Friday, July 28, 2017

Republicans set to vote Yes on a bill they don't want to become law -- and other absurdities of our government today

Senate Republican leaders were still working on their "skinny" repeal bill that they plan to try to pass in the wee hours of Friday morning.   But they are openly saying they hope their colleagues in the House doesn't pass it.

What kind of madhouse is this?   By today's White House-Capitol Hill standards, it's just another ordinary day -- surreal and maddening.   Here's how Donna Cassade, the Associated Press's Congressional News Editor explains it.
"Vote yes, hope no.

"Senate Republicans want to back a still-being-written bill to erase some of Democrat Barack Obama's health care law, but they don't want the House to quickly approve it, send it to President Donald Trump and have him sign it into law. . .

"The GOP hope [is] that whatever they pass — skinny, a bit more robust, anything — is the means to an end. And the end is a House-Senate conference in which lawmakers hammer out a final health care bill fulfilling their years-long promise to repeal and replace Obamacare."
Remember that the House has already passed its version and sent it to the Senate. It was so bad the Senate tossed it aside and tried to craft their own bill, only to fail miserably.  They could only come up with something even worse, and the senate defeated it 57 to 43.   Then they defeated a bill to repeal to take effect in 2 years;  that was voted down 55 to 45.

So what they really want is this bait and switch deal.  Vote on . . . just something . . .  anything that can get 51 votes so they can schedule a conference with negotiators from House and Senate, probably in September, and hammer out a real health bill -- well, a Republican health care bill.

The risk is that the House would grab this skinny repeal, vote to pass it, and put it on the president's desk.   He's applying intense pressure for them to get something done, and he really doesn't care what.   But a lot of them do.

And those who really care about their constituents -- or fear their wrath if they take away their health care -- want a good bill.    It will be a disaster if the House accepts their bait and then doesn't do the switch.   Sen. Lindsey Graham says that about half of the 52 Republican senators "would not tolerate the skinny bill being our final answer on health care.   We want to have a chance to build it out."

Many Republican senators say they want assurances from Paul Ryan that they will get the conference process;  and he has sort of half-way promised it, saying he's okay with it, but he wants the senators to really pass something substantive, not just pass the buck to the House.

What are they going to come up with that has eluded them for seven years -- and even now, in these months they've been intensely fighting this out for real?  I'd advise them not to pass something they don't want to have to own.   And they will own the health care debacle, if the skinny bill becomes law.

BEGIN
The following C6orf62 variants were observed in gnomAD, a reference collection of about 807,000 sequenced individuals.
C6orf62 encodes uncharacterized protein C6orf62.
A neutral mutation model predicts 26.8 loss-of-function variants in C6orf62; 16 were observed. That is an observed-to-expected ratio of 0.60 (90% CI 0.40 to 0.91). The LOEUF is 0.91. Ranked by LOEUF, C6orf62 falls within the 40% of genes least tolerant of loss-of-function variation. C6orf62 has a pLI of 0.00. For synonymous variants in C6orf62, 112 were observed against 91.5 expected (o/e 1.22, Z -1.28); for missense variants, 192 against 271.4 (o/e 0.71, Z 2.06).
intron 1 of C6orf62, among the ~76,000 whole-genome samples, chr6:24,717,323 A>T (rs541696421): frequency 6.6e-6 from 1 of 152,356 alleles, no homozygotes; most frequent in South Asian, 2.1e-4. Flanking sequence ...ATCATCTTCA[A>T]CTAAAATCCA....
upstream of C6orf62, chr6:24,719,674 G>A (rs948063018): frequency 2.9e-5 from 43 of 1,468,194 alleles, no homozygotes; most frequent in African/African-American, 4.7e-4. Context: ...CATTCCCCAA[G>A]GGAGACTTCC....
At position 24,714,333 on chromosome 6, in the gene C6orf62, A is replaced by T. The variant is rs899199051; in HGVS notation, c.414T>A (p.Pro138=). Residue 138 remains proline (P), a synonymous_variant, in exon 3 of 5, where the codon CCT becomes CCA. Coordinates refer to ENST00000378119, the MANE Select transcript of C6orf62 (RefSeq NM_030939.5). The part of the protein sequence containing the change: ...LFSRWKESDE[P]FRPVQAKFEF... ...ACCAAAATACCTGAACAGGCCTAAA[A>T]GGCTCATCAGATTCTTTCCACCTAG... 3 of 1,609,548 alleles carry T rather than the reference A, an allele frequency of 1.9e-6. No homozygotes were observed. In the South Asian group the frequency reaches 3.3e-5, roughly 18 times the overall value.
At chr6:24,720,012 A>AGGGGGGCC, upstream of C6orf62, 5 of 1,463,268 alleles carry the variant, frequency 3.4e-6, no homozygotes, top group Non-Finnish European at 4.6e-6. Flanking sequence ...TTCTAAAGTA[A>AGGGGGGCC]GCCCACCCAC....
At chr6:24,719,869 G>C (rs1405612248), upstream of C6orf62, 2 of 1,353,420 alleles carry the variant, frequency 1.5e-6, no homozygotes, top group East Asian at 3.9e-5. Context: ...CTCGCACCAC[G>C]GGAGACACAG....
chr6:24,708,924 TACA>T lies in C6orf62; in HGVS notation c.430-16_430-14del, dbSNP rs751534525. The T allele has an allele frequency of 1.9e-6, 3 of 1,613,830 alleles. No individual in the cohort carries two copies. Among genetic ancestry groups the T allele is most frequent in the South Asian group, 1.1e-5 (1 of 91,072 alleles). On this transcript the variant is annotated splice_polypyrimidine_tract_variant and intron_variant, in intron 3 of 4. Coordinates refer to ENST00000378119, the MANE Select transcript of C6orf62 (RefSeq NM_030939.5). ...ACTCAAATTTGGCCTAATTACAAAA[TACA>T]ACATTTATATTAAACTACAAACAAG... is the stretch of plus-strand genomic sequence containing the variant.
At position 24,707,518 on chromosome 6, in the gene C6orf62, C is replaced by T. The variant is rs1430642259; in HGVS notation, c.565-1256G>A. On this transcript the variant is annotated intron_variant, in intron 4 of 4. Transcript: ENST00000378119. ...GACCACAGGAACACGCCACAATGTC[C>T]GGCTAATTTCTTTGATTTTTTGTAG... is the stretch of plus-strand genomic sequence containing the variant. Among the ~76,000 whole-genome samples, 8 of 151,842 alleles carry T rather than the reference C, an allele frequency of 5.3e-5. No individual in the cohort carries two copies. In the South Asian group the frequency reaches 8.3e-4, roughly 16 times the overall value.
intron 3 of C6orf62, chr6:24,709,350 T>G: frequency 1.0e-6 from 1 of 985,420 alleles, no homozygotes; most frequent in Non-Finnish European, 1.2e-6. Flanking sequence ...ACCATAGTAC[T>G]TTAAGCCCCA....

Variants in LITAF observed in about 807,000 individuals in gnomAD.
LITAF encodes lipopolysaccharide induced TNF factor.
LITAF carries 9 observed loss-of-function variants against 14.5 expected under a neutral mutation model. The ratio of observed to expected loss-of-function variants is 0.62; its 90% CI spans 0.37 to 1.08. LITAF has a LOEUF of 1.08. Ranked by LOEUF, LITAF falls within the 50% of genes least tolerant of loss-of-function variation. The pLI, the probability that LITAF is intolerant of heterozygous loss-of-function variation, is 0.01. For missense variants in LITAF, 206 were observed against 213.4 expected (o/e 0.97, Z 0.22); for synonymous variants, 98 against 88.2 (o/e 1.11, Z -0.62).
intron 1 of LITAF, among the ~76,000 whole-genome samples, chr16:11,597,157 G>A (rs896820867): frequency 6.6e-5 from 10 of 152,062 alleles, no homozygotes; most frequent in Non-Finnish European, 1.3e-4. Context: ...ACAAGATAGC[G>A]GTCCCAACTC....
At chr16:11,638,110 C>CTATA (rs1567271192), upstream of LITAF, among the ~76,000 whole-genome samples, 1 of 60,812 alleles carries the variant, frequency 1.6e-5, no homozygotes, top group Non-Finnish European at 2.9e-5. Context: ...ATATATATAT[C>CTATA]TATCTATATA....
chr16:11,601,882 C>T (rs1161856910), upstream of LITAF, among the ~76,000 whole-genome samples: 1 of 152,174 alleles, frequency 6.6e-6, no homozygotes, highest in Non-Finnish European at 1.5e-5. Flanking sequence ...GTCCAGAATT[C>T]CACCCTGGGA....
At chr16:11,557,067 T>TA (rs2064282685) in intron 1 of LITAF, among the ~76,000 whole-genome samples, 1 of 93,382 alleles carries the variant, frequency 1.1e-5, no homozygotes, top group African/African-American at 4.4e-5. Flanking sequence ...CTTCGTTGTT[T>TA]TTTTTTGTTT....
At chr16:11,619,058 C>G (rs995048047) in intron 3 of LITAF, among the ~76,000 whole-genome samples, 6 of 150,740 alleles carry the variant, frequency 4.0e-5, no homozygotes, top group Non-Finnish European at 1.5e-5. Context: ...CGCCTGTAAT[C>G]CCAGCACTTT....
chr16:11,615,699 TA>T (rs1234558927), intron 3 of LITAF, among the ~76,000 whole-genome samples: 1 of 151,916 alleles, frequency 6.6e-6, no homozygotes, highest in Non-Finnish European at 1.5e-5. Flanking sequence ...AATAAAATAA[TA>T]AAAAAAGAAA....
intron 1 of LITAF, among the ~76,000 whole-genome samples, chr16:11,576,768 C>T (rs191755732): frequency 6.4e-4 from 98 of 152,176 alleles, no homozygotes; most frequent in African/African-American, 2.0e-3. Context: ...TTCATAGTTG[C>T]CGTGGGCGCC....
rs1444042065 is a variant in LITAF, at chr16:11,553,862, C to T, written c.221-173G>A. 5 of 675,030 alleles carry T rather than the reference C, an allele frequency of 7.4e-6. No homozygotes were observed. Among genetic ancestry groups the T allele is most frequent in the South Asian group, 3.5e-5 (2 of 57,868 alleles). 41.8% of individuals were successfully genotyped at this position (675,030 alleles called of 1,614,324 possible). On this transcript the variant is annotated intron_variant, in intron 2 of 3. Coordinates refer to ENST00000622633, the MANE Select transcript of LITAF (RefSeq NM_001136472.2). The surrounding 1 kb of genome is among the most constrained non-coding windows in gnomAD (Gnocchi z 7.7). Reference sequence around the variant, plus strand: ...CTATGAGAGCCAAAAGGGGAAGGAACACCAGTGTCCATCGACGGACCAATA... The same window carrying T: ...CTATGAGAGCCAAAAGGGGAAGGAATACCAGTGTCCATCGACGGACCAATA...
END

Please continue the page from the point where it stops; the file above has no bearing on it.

Graham is blunt, saying:  "The skinny bill as policy is a disaster;  the skinny bill as a replacement for Obamacare is a fraud."    And yet he will probably vote for it anyway, with the understanding it will be only a means to their end, not the end itself.

Advocacy groups, medical associations all advise against passing this.   Even a group of insurance companies sent an urgent plea, saying in effect:   "Don't you dare."

Let's see who has the courage to stand up for sanity and real health care for the American people.   President Trump is rapidly losing his clout.   They don't need to fear his retribution.  House and Senate have both just passed the Russia sanctions bill that takes away his power to lift the sanctions.   The military chiefs are paying no attention to his tweeted announcement about transgender people serving.   A tweet is not a military order.  They say that, until they get an official order, they are not changing anything,

His threat to fire Jeff Sessions is backfiring as Sessions' former colleagues in the Senate back him and criticize the president.   Sen. Grassley, Chair of the Senate Judiciary Committee that would have to approve a replacement, sent out a note saying that the committee agenda is so full that they could not take up hearings on a confirmation until next year.  And they can go on vacation without actually recessing, to prevent him from making a recess appointment that wouldn't have to get a confirmation until a new Congress convenes in 2019.

Even Trump's speech to the Boy Scouts of America jamboree backfired.   Who would have thought a president could go wrong in addressing the Boy Scouts?   Well, Trump did, badly.  The head of the BSA released a letter of apology for the President's turning what is traditionally an uplifting, inspirational speech about duty, truth and honor into his usual political diatribe, as well as some colorful anecdotes that were a bit crude for the youth.

So Trump is having a very bad week -- all of his own doing.   What's different is that people, including Republicans, are beginning to push back.  My gut tells me that we're seeing the beginning of the end of his presidency.    If he fires Sessions and then Mueller, there are a number of Republicans, including Lindsey Graham, who are ready to pull the plug on him.   And he used the word "impeachment."


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